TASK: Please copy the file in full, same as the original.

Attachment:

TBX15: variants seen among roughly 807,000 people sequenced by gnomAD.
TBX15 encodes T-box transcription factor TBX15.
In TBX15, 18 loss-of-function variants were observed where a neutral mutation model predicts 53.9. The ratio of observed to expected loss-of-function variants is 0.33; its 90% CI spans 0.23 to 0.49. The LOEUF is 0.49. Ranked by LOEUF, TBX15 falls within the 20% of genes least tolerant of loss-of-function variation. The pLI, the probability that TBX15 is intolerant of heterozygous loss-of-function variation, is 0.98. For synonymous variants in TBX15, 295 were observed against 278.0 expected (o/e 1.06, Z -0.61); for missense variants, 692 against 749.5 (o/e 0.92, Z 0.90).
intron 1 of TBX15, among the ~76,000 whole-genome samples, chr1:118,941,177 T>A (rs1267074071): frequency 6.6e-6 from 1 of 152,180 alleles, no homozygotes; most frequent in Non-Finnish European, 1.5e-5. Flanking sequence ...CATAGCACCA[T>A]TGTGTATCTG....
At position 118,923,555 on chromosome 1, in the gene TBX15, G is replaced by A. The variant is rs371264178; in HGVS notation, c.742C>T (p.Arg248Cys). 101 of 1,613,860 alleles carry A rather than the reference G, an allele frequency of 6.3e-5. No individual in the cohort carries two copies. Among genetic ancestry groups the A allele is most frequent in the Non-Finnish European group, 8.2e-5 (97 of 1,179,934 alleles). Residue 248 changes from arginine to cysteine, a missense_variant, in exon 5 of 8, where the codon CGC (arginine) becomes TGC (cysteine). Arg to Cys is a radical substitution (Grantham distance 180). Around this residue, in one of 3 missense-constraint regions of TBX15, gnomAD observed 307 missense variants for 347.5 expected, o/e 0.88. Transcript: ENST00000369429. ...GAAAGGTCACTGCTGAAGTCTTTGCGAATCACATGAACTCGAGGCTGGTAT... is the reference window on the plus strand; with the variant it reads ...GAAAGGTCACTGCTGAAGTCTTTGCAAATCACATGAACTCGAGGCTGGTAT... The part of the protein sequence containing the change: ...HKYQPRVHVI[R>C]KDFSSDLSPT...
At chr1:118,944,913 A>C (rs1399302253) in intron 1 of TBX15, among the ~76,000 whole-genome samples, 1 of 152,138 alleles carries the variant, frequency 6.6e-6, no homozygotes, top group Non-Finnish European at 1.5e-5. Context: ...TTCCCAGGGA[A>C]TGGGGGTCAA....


TBX15: variants seen among roughly 807,000 people sequenced by gnomAD.
TBX15 encodes T-box transcription factor TBX15.
In TBX15, 18 loss-of-function variants were observed where a neutral mutation model predicts 53.9. The ratio of observed to expected loss-of-function variants is 0.33; its 90% CI spans 0.23 to 0.49. The LOEUF is 0.49. Ranked by LOEUF, TBX15 falls within the 20% of genes least tolerant of loss-of-function variation. The pLI, the probability that TBX15 is intolerant of heterozygous loss-of-function variation, is 0.98. For synonymous variants in TBX15, 295 were observed against 278.0 expected (o/e 1.06, Z -0.61); for missense variants, 692 against 749.5 (o/e 0.92, Z 0.90).
intron 1 of TBX15, among the ~76,000 whole-genome samples, chr1:118,941,177 T>A (rs1267074071): frequency 6.6e-6 from 1 of 152,180 alleles, no homozygotes; most frequent in Non-Finnish European, 1.5e-5. Flanking sequence ...CATAGCACCA[T>A]TGTGTATCTG....
At position 118,923,555 on chromosome 1, in the gene TBX15, G is replaced by A. The variant is rs371264178; in HGVS notation, c.742C>T (p.Arg248Cys). 101 of 1,613,860 alleles carry A rather than the reference G, an allele frequency of 6.3e-5. No individual in the cohort carries two copies. Among genetic ancestry groups the A allele is most frequent in the Non-Finnish European group, 8.2e-5 (97 of 1,179,934 alleles). Residue 248 changes from arginine to cysteine, a missense_variant, in exon 5 of 8, where the codon CGC (arginine) becomes TGC (cysteine). Arg to Cys is a radical substitution (Grantham distance 180). Around this residue, in one of 3 missense-constraint regions of TBX15, gnomAD observed 307 missense variants for 347.5 expected, o/e 0.88. Transcript: ENST00000369429. ...GAAAGGTCACTGCTGAAGTCTTTGCGAATCACATGAACTCGAGGCTGGTAT... is the reference window on the plus strand; with the variant it reads ...GAAAGGTCACTGCTGAAGTCTTTGCAAATCACATGAACTCGAGGCTGGTAT... The part of the protein sequence containing the change: ...HKYQPRVHVI[R>C]KDFSSDLSPT...
At chr1:118,944,913 A>C (rs1399302253) in intron 1 of TBX15, among the ~76,000 whole-genome samples, 1 of 152,138 alleles carries the variant, frequency 6.6e-6, no homozygotes, top group Non-Finnish European at 1.5e-5. Context: ...TTCCCAGGGA[A>C]TGGGGGTCAA....